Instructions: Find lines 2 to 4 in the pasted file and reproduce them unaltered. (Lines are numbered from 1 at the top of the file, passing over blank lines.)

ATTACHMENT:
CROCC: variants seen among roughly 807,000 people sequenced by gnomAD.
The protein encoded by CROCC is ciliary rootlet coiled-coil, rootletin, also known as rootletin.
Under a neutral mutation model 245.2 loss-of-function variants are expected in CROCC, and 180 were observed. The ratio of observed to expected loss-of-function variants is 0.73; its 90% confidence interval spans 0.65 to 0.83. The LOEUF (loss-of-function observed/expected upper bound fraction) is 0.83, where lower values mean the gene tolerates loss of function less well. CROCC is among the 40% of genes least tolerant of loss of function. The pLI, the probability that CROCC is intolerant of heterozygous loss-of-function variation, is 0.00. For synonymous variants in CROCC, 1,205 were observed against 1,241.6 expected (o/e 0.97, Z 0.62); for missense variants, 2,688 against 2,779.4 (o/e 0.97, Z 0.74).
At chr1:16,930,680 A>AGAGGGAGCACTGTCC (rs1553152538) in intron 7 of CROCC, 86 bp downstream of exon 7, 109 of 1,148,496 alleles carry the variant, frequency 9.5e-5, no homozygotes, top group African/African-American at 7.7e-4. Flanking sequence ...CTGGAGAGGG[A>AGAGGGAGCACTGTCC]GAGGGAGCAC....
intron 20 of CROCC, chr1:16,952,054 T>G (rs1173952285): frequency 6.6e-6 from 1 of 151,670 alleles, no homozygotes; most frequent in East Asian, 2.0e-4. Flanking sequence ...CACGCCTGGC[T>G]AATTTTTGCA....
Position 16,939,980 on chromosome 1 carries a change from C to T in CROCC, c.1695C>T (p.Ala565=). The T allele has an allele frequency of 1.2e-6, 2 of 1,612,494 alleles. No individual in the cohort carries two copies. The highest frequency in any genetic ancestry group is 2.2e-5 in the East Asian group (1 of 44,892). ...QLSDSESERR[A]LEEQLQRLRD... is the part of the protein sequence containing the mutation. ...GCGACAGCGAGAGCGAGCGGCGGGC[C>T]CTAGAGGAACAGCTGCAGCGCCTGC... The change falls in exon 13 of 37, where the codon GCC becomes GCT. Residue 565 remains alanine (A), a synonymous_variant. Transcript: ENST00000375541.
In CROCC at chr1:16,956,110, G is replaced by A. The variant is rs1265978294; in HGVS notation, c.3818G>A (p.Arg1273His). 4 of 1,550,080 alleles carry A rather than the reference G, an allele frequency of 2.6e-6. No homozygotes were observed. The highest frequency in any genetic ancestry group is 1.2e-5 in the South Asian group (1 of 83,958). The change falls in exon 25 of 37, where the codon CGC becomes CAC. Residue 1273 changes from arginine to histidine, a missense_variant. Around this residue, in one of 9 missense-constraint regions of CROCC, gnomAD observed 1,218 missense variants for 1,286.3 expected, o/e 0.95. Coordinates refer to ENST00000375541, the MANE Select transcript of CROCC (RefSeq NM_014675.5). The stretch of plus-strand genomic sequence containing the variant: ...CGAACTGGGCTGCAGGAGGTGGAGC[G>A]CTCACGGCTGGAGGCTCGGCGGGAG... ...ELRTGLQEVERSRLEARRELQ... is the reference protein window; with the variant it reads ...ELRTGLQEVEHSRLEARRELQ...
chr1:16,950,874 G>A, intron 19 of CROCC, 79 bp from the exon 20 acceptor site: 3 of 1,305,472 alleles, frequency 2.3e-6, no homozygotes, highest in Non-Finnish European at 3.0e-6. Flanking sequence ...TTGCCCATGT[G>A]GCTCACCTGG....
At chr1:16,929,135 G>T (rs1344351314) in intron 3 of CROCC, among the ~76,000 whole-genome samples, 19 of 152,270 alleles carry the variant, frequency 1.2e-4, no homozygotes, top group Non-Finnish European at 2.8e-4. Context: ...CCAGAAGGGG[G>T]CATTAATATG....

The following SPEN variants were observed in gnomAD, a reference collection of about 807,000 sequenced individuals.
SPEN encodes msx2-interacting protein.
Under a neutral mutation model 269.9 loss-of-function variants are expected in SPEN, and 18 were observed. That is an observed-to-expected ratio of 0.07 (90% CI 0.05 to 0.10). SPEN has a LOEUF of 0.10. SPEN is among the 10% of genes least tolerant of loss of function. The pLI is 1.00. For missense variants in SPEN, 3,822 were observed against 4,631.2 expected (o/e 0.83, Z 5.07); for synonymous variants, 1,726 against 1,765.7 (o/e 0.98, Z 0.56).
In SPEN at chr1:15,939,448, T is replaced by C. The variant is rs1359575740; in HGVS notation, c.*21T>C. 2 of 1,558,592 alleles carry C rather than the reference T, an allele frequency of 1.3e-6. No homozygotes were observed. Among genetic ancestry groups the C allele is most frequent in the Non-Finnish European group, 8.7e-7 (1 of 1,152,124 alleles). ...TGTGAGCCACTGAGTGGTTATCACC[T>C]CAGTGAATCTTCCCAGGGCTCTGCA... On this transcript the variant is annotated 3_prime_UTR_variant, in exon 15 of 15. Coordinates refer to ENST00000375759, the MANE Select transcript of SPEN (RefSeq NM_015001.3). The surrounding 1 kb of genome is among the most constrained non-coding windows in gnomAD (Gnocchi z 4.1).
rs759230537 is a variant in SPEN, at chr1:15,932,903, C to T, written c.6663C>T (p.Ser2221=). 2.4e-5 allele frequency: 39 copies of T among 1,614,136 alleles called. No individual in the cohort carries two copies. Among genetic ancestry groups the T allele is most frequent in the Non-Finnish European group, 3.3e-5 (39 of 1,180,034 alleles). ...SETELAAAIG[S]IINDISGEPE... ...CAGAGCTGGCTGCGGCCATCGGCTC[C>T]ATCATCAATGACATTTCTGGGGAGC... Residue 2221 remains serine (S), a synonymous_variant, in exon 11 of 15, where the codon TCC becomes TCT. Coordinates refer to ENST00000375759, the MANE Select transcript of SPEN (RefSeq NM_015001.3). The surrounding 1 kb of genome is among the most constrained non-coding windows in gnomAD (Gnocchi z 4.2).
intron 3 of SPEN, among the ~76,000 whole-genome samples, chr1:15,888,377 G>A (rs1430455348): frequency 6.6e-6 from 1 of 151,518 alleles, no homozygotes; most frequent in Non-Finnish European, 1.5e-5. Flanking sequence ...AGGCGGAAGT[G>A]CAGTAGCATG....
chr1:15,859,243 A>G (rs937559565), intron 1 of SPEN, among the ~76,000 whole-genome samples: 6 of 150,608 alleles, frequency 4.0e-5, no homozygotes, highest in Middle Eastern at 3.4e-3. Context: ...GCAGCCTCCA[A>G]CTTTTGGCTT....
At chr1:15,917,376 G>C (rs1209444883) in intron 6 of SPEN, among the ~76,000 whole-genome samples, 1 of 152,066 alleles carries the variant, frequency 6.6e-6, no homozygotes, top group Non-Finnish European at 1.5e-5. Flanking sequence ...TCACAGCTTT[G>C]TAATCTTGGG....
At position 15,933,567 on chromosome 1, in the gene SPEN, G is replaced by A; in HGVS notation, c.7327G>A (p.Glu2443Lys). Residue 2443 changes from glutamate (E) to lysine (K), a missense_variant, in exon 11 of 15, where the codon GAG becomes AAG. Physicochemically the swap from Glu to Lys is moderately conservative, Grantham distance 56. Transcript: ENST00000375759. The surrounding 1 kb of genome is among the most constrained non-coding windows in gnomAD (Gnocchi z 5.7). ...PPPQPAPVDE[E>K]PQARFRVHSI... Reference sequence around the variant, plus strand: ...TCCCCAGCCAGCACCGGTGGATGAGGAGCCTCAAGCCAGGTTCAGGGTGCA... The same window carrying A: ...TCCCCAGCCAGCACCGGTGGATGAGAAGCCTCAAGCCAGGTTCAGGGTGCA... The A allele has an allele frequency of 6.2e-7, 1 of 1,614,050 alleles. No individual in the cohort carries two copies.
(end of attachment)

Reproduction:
The protein encoded by CROCC is ciliary rootlet coiled-coil, rootletin, also known as rootletin.
Under a neutral mutation model 245.2 loss-of-function variants are expected in CROCC, and 180 were observed. The ratio of observed to expected loss-of-function variants is 0.73; its 90% confidence interval spans 0.65 to 0.83. The LOEUF (loss-of-function observed/expected upper bound fraction) is 0.83, where lower values mean the gene tolerates loss of function less well. CROCC is among the 40% of genes least tolerant of loss of function. The pLI, the probability that CROCC is intolerant of heterozygous loss-of-function variation, is 0.00. For synonymous variants in CROCC, 1,205 were observed against 1,241.6 expected (o/e 0.97, Z 0.62); for missense variants, 2,688 against 2,779.4 (o/e 0.97, Z 0.74).
At chr1:16,930,680 A>AGAGGGAGCACTGTCC (rs1553152538) in intron 7 of CROCC, 86 bp downstream of exon 7, 109 of 1,148,496 alleles carry the variant, frequency 9.5e-5, no homozygotes, top group African/African-American at 7.7e-4. Flanking sequence ...CTGGAGAGGG[A>AGAGGGAGCACTGTCC]GAGGGAGCAC....